The enormous Space Launch System passed its first test with flying colors, NASA’s preliminary analysis concludes, and the rocket and Orion capsule are good to go for their next mission: Artemis II, which will carry a crew to lunar orbit.

After numerous delays and enormous cost overruns, some worried that the SLS (nicknamed the “Mega Moon Rocket”) would never actually take off. But the launch in November went off (mostly) without a hitch, as did the 25-day mission undertaken by an uncrewed Orion capsule.

While its success was apparent, it wasn’t a case of all or nothing. Reams of data needed to be analyzed by NASA’s teams to make sure that Artemis I didn’t succeed in spite of serious problems. Fortunately that does not seem to be the case: Although the teams are still working through the terabytes of raw data, the agency has pronounced the mission good enough to endorse its sequel.

“Building off the assessment conducted shortly after launch, the preliminary post-flight data indicates that all SLS systems performed exceptionally and that the designs are ready to support a crewed flight on Artemis II,” wrote NASA in a news post.

Emphasizing the point, SLS Program manager John Honeycutt is quoted as follows:

The correlation between actual flight performance and predicted performance for Artemis I was excellent. There is engineering and an art to successfully building and launching a rocket, and the analysis on the SLS rocket’s inaugural flight puts NASA and its partners in a good position to power missions for Artemis II and beyond.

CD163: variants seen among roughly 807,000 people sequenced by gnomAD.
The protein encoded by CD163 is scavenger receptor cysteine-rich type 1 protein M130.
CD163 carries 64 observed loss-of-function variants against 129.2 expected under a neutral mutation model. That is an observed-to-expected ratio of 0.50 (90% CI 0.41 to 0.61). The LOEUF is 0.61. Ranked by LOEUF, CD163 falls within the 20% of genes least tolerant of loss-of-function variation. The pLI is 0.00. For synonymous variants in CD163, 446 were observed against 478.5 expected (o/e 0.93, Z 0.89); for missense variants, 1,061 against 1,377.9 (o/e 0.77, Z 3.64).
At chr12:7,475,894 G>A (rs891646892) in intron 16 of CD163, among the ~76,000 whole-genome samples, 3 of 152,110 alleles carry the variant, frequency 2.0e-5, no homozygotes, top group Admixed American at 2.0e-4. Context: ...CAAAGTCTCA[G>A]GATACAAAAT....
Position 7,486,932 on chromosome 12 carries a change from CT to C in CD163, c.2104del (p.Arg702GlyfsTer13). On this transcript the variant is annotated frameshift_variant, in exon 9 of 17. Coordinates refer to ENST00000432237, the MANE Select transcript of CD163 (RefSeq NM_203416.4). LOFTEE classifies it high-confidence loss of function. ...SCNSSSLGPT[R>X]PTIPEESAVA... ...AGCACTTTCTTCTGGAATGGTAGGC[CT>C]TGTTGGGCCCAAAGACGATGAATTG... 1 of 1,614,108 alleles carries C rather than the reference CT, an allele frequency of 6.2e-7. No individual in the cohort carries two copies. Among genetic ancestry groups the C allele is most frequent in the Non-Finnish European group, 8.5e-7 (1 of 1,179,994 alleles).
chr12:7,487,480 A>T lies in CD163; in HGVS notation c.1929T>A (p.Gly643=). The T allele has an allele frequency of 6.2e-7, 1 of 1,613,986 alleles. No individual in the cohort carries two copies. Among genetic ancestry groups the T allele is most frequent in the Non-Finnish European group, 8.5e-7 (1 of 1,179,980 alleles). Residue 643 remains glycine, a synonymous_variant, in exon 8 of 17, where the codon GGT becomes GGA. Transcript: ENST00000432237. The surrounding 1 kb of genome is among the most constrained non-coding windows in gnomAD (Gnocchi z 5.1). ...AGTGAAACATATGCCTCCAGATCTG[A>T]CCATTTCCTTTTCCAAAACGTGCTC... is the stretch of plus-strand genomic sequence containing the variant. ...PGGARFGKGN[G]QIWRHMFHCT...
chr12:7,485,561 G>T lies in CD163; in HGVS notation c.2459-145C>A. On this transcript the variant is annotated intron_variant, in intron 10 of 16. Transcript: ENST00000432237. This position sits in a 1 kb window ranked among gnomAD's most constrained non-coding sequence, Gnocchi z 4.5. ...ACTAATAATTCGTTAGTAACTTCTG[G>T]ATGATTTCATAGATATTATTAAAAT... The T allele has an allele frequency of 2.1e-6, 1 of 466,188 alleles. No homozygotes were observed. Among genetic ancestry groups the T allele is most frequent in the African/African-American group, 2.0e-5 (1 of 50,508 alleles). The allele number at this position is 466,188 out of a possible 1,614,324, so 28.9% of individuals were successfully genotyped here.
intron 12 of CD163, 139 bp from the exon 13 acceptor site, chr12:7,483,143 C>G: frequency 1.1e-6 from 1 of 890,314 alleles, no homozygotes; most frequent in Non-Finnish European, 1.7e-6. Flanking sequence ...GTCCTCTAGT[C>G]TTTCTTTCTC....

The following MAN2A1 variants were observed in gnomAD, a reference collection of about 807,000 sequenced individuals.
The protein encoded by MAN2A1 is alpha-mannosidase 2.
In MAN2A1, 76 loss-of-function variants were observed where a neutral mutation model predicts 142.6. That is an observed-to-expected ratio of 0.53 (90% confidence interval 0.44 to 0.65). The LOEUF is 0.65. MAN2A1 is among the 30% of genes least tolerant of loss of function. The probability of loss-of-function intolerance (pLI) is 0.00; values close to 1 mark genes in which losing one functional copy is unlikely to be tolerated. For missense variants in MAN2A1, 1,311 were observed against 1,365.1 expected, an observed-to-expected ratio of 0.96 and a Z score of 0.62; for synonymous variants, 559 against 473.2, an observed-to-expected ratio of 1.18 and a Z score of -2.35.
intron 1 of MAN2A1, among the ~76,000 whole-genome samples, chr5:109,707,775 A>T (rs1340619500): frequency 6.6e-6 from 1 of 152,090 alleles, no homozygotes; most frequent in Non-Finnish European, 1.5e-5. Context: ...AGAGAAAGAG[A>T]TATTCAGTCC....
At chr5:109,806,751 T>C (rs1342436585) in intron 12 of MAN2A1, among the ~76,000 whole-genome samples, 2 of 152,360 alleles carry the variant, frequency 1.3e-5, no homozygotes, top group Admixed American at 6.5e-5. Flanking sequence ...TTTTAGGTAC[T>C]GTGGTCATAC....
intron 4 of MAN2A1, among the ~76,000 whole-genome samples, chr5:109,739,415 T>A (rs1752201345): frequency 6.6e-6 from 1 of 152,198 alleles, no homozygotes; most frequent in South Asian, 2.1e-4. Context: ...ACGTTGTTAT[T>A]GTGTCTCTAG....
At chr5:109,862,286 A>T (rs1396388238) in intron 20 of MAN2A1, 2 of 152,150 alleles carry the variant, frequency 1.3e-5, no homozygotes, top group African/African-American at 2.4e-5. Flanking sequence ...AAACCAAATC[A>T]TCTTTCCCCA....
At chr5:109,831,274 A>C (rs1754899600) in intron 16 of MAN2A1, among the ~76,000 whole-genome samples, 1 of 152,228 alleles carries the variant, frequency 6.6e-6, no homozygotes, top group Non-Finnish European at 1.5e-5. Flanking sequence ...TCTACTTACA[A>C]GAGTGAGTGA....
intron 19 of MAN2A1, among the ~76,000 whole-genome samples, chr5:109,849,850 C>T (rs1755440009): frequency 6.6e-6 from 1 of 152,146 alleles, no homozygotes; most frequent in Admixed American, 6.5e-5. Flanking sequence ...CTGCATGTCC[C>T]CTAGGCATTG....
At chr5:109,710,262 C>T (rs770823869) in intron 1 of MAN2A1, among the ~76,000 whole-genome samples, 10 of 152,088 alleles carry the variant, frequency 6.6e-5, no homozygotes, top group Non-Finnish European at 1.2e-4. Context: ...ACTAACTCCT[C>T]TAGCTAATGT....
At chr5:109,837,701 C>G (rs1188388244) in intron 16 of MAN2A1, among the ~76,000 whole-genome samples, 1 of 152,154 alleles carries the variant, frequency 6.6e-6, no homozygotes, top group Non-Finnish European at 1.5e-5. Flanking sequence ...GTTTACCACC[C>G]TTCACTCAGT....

Key pressures, temperatures, and other values were all within 2 percent of predictions. No doubt the team is working on narrowing that delta even now.

Artemis II’s crewed mission obviously depended entirely on the success of Artemis I, and this is the clearest indication since launch that the SLS and Orion are quantifiably good enough. It’s a big step to say, “Yes, we’re moving forward with putting astronauts on this thing,” but of course there’s a lot more work to come before it takes place. Artemis I’s timeline didn’t exactly go as planned but having verified that the rocket works as expected may help hurry along the next part of NASA’s big plan to return to the moon.

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